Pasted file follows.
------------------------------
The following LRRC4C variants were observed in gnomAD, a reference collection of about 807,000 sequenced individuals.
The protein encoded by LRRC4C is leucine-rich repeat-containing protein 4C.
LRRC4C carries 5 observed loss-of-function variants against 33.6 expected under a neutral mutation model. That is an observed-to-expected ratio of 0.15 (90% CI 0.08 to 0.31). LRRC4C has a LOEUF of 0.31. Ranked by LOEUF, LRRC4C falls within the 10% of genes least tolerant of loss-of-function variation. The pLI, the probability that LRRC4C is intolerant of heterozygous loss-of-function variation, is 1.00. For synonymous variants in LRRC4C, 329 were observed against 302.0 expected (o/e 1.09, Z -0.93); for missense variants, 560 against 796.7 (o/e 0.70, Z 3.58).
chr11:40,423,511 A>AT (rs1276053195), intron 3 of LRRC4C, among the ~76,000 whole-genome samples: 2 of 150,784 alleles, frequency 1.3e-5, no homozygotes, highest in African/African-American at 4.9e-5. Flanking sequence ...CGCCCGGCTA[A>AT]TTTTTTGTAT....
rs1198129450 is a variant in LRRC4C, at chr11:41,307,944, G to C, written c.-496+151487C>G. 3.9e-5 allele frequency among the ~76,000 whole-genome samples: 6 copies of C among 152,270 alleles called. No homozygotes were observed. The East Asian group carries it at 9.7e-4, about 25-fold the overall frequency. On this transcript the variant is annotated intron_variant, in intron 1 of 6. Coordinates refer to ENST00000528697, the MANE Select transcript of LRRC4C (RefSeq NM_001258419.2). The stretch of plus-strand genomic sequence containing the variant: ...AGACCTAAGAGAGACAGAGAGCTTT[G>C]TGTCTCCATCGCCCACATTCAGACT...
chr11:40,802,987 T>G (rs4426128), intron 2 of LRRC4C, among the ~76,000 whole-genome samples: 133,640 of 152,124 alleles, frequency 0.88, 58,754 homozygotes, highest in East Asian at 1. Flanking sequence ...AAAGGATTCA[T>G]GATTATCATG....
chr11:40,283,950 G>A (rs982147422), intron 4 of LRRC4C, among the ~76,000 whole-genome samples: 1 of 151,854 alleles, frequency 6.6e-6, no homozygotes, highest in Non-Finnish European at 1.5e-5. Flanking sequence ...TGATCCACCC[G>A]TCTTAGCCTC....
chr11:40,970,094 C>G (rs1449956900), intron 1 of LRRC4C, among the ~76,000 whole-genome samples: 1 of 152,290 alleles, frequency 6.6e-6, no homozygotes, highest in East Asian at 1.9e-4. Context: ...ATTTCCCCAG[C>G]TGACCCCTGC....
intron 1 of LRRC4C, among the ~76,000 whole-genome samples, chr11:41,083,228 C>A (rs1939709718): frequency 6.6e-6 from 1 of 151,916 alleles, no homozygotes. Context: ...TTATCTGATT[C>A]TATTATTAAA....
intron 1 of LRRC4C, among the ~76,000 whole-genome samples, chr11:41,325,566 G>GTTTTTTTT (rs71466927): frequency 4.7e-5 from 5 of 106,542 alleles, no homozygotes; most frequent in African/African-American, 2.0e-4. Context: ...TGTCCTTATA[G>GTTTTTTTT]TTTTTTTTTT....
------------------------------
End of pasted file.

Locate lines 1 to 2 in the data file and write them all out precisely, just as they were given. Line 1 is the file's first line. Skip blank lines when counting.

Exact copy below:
The following LRRC4C variants were observed in gnomAD, a reference collection of about 807,000 sequenced individuals.
The protein encoded by LRRC4C is leucine-rich repeat-containing protein 4C.